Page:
Dead Wake by Erik Larson

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Rate: 3/5


Medium: Audiobook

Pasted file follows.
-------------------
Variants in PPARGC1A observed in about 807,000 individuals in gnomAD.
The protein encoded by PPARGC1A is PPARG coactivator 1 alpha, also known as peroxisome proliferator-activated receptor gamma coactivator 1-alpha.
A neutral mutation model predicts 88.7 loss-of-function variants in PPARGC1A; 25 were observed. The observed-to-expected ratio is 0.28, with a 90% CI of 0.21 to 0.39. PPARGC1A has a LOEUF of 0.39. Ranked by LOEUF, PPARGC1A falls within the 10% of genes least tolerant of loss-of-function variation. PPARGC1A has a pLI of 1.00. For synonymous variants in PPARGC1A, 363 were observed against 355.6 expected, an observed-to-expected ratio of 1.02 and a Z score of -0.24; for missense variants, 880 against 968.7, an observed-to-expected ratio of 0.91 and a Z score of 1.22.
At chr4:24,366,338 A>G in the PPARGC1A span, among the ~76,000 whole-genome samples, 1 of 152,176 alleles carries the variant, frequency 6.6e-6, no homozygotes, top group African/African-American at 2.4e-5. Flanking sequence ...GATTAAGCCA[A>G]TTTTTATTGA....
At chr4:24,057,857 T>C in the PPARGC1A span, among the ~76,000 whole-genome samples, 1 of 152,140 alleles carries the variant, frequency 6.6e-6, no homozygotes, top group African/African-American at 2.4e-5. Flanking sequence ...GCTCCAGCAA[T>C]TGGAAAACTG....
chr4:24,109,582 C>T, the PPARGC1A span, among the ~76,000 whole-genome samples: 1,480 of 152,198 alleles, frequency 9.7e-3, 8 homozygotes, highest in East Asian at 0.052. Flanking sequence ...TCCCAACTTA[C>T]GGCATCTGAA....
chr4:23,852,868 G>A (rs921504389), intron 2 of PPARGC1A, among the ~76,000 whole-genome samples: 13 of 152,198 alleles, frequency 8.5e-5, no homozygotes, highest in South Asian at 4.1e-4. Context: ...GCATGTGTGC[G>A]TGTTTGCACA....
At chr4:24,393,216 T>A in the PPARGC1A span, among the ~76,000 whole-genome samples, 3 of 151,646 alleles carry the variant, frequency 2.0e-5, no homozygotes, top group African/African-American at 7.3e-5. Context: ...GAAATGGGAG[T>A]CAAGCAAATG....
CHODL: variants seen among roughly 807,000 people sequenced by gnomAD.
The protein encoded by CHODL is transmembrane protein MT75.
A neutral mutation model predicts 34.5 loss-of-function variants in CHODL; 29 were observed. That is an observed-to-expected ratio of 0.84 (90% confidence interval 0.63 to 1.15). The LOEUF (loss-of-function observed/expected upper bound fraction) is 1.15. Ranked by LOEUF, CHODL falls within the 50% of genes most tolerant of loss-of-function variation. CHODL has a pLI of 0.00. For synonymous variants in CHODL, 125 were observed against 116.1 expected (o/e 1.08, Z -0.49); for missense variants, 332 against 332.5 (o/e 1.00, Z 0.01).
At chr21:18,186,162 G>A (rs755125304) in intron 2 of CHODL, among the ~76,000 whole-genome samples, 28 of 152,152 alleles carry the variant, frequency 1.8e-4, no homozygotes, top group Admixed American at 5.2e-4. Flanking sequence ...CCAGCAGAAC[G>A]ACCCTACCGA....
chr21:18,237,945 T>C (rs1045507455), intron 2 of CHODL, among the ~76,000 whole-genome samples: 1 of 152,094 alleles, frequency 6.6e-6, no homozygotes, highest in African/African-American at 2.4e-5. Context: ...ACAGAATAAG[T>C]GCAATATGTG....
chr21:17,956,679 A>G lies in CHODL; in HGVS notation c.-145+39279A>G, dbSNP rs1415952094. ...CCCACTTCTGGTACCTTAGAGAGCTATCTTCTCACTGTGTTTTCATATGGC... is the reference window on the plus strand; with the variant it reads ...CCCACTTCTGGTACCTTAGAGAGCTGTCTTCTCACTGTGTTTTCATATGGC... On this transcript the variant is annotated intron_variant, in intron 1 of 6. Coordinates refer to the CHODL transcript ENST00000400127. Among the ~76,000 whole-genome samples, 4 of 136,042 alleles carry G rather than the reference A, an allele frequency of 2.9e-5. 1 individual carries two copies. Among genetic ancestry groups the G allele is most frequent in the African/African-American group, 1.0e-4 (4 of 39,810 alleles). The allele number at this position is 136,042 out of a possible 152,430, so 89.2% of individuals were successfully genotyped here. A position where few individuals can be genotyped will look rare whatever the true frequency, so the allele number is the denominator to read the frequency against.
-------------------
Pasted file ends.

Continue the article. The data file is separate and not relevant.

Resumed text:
Overview (No Spoilers): As with most of the audiobooks I pick up, I try to keep the genre nonfiction as to hopefully expand my knowledge base as a whole. Therefore, upon finding Dead Wake I jumped at the topic due to my knowledge of World War I, especially the events leading the US into the fray being spotty at best. Dead Wake was my third book by Larson, and as in the previous nonfictions, Devil in the White City and In the Garden of Beasts, he does an extensive job thoroughly researching and subsequently organizing the massive amount of information in an engaging and captivating narrative, which transports the reader through time to the main event being detailed. The tragic tale of the final voyage and subsequent sinking of the British Lusitania by a German U20 submarine is told from in Dead Wake from the perspectives of the German submarine captain, U.S. President Woodrow Wilson, and many of the passengers of the ill fated ship. In hindsight there were so many factors, e.g., fog, delays, vague transmissions from the British Admiralty, not running at full capacity, working against the ship and quite the opposite for the German U20 boat that it can be hard to fully wrap your mind around. The torpedo shot was in the Achilles’ heel of the ship causing many, many of the crewman that would have otherwise helped the passengers with the lifeboats to be instantly killed (due to a shift change occurring), and the ship sinking in a unfathomable 18 minutes. Hindering the rescue effort, was a hesitation by large ships to rush to the scene incase the submarine was still lurking in the depths to attack any would be rescuers. All of these factors lead to mass casualties with in the crew and the passengers. At this point of the book Larson has introduced so many of the passengers and their backgrounds in depth that the reader was given a glimpse of heartbreak at many real life, unique characters you’d come to care for met tragic deaths or suffered imaginably throughout their struggle to survive. Overall, Dead Wake, as with the other book I’ve read by Larson is well worth the read and transforms history, for the reader, into the engaging, unbelievable events that actually took place.


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